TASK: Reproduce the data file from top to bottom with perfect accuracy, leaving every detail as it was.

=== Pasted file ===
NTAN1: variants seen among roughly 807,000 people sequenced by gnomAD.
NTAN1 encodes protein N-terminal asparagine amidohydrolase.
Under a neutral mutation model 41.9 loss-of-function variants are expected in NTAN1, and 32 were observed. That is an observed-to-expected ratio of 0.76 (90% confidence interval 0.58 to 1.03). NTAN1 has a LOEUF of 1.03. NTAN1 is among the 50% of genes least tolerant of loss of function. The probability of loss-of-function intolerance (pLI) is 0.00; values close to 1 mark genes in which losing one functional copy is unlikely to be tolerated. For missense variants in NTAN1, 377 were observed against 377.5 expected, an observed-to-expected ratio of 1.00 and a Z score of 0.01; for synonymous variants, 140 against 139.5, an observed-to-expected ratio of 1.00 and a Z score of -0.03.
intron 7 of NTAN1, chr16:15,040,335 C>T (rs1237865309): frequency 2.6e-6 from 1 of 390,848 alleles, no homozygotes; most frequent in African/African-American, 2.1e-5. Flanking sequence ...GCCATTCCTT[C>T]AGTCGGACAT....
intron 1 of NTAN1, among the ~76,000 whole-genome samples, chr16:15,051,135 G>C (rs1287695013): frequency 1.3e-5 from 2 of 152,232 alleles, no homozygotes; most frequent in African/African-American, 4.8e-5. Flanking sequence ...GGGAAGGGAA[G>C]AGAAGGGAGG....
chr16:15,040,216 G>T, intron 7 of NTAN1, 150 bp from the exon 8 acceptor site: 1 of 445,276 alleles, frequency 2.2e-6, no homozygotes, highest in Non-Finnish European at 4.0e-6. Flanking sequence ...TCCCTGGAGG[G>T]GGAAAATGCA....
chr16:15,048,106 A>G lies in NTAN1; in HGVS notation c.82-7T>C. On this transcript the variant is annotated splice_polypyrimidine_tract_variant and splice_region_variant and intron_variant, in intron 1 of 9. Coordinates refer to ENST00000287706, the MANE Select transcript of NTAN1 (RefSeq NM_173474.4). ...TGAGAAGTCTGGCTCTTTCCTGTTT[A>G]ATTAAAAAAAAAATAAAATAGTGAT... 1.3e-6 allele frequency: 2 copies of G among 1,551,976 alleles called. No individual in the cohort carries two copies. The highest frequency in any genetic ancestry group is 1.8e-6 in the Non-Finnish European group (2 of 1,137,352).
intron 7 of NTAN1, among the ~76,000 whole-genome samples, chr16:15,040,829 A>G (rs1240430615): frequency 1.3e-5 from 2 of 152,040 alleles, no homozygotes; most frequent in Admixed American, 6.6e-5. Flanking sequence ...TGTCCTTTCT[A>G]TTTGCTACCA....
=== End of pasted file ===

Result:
NTAN1: variants seen among roughly 807,000 people sequenced by gnomAD.
NTAN1 encodes protein N-terminal asparagine amidohydrolase.
Under a neutral mutation model 41.9 loss-of-function variants are expected in NTAN1, and 32 were observed. That is an observed-to-expected ratio of 0.76 (90% confidence interval 0.58 to 1.03). NTAN1 has a LOEUF of 1.03. NTAN1 is among the 50% of genes least tolerant of loss of function. The probability of loss-of-function intolerance (pLI) is 0.00; values close to 1 mark genes in which losing one functional copy is unlikely to be tolerated. For missense variants in NTAN1, 377 were observed against 377.5 expected, an observed-to-expected ratio of 1.00 and a Z score of 0.01; for synonymous variants, 140 against 139.5, an observed-to-expected ratio of 1.00 and a Z score of -0.03.
intron 7 of NTAN1, chr16:15,040,335 C>T (rs1237865309): frequency 2.6e-6 from 1 of 390,848 alleles, no homozygotes; most frequent in African/African-American, 2.1e-5. Flanking sequence ...GCCATTCCTT[C>T]AGTCGGACAT....
intron 1 of NTAN1, among the ~76,000 whole-genome samples, chr16:15,051,135 G>C (rs1287695013): frequency 1.3e-5 from 2 of 152,232 alleles, no homozygotes; most frequent in African/African-American, 4.8e-5. Flanking sequence ...GGGAAGGGAA[G>C]AGAAGGGAGG....
chr16:15,040,216 G>T, intron 7 of NTAN1, 150 bp from the exon 8 acceptor site: 1 of 445,276 alleles, frequency 2.2e-6, no homozygotes, highest in Non-Finnish European at 4.0e-6. Flanking sequence ...TCCCTGGAGG[G>T]GGAAAATGCA....
chr16:15,048,106 A>G lies in NTAN1; in HGVS notation c.82-7T>C. On this transcript the variant is annotated splice_polypyrimidine_tract_variant and splice_region_variant and intron_variant, in intron 1 of 9. Coordinates refer to ENST00000287706, the MANE Select transcript of NTAN1 (RefSeq NM_173474.4). ...TGAGAAGTCTGGCTCTTTCCTGTTT[A>G]ATTAAAAAAAAAATAAAATAGTGAT... 1.3e-6 allele frequency: 2 copies of G among 1,551,976 alleles called. No individual in the cohort carries two copies. The highest frequency in any genetic ancestry group is 1.8e-6 in the Non-Finnish European group (2 of 1,137,352).
intron 7 of NTAN1, among the ~76,000 whole-genome samples, chr16:15,040,829 A>G (rs1240430615): frequency 1.3e-5 from 2 of 152,040 alleles, no homozygotes; most frequent in Admixed American, 6.6e-5. Flanking sequence ...TGTCCTTTCT[A>G]TTTGCTACCA....